A little girl with a complex bowel condition was in limbo last night over red tape in England linked to Ireland’s treatment-abroad funding scheme.
Abbey Murphy, 7, from Ballyvolane in Cork, was due to fly to London’s Great Ormond Street Hospital today for specialist tests as a private patient to determine her future medical treatment for a distressing condition which causes her to vomit faeces.
But following the intervention yesterday of her local TD, Jonathan O’Brien, and Health Minister Simon Harris, it has emerged that the world-renowned hospital cannot accept funding from the HSE’s treatment abroad scheme for private patients.
The HSE said it couldn’t comment on Abbey’s case for reasons of patient confidentiality, but in a statement said: “The HSE treatment abroad scheme assesses applications received for and prior to any treatment in the public health system of another EU/EEA member state or Switzerland. Private patients are not eligible to access the scheme.”
Abbey’s family, who had flights booked to London today, were in limbo last night as frantic efforts got under way to find a way of paying for the procedures, estimated to cost about £16,000 (€19,100).
Abbey’s distraught grandmother, Kathleen Weir, outlined their plight on The Neil Prendeville Show on Cork’s Red FM yesterday, and claimed the HSE would not release the funds.
Moved by Abbey’s plight, listeners pledged €22,000 within an hour, but all the money has yet to be transferred.
It is understood the treatment abroad scheme funding was never withdrawn, and is available if Abbey is treated as a public patient.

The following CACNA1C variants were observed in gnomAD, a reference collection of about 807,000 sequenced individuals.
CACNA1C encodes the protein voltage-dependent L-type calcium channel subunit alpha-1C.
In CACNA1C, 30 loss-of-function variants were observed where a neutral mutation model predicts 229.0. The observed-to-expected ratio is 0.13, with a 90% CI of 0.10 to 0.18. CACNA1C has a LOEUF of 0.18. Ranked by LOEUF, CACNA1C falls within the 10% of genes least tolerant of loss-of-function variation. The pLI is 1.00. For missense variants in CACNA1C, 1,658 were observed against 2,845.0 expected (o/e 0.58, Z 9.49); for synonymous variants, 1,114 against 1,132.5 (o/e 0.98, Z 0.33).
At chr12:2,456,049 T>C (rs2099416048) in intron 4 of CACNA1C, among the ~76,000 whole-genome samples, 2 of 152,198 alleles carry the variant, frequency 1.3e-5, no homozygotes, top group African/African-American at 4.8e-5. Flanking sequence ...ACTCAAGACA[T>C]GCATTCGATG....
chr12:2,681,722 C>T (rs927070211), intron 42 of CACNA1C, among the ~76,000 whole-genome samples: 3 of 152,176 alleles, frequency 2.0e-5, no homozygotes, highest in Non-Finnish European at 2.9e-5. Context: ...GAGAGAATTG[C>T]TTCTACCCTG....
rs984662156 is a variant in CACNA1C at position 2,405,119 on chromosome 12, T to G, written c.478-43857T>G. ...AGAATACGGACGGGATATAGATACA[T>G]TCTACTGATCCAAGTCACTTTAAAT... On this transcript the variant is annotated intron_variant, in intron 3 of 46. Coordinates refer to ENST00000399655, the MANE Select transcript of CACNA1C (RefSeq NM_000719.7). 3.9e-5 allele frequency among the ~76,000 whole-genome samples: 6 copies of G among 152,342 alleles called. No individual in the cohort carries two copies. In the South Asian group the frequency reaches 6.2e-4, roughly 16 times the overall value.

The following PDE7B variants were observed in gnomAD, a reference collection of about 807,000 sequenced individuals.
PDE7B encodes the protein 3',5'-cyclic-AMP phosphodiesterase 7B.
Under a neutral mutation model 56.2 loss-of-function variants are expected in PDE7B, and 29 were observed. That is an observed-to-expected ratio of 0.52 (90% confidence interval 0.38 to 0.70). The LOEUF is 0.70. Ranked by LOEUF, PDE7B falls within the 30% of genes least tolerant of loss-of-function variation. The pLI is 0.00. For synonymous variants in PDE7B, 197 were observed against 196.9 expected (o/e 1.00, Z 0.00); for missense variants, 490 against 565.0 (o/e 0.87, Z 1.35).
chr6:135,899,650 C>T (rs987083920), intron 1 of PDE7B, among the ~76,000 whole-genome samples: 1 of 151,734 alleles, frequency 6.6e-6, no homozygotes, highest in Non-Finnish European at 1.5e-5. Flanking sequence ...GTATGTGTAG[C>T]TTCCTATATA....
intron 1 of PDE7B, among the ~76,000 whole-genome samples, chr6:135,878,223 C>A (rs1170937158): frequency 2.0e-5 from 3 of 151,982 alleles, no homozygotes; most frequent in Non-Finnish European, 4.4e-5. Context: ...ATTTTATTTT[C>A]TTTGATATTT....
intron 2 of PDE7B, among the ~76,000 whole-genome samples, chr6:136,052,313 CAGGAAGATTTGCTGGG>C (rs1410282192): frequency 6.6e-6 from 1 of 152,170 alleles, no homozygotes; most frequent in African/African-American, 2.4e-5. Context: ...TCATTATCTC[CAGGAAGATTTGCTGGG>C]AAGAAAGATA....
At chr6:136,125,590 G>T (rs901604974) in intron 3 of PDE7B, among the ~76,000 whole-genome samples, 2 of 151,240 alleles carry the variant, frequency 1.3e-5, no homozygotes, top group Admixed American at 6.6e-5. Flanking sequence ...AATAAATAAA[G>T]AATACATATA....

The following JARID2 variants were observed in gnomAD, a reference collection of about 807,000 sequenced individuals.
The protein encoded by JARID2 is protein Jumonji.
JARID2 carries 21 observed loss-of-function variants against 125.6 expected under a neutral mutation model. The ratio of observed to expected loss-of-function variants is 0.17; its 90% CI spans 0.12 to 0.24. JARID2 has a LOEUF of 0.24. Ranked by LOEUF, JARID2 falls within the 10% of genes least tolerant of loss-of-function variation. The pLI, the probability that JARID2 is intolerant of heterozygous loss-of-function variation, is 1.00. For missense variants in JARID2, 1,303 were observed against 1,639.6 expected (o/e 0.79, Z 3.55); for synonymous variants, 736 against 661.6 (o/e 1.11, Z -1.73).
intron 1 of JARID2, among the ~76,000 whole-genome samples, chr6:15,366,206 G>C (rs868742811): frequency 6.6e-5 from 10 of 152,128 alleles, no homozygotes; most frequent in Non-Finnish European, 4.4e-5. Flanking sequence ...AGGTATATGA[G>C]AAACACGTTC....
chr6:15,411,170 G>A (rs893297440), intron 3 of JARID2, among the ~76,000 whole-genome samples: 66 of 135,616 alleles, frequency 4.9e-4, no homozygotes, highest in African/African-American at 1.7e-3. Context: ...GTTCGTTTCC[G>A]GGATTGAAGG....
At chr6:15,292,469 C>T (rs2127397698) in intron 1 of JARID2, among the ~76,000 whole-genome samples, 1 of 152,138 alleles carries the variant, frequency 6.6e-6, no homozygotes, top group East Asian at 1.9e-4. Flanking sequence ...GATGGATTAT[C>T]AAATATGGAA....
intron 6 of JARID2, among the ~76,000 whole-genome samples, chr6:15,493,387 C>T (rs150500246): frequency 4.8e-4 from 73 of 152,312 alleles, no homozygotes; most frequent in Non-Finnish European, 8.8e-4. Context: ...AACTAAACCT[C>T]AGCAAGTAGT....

Mr O’Brien, who contacted Great Ormond Street yesterday, said a hospital spokesman told him it cannot accept the state payment for a private patient.
Abbey was diagnosed at the age of three with diaphragmatic hernia— a hole in the diaphragm which allows the abdominal organs to move into the chest cavity.
She underwent surgery to repair it, but has endured the complex bowel condition for almost five years.
A consultant at Great Ormond Street told Abbey’s family in February that she needs specialist tests at the hospital to determine future medical treatment, and that the tests should be done as soon as possible.
Within months of applying to the hospital for the treatment as a private patient, she secured next week’s appointment. She faces a three-year wait on the public list.
Ms Weir said she fears her granddaughter could die of poisoning unless the issue is resolved soon.
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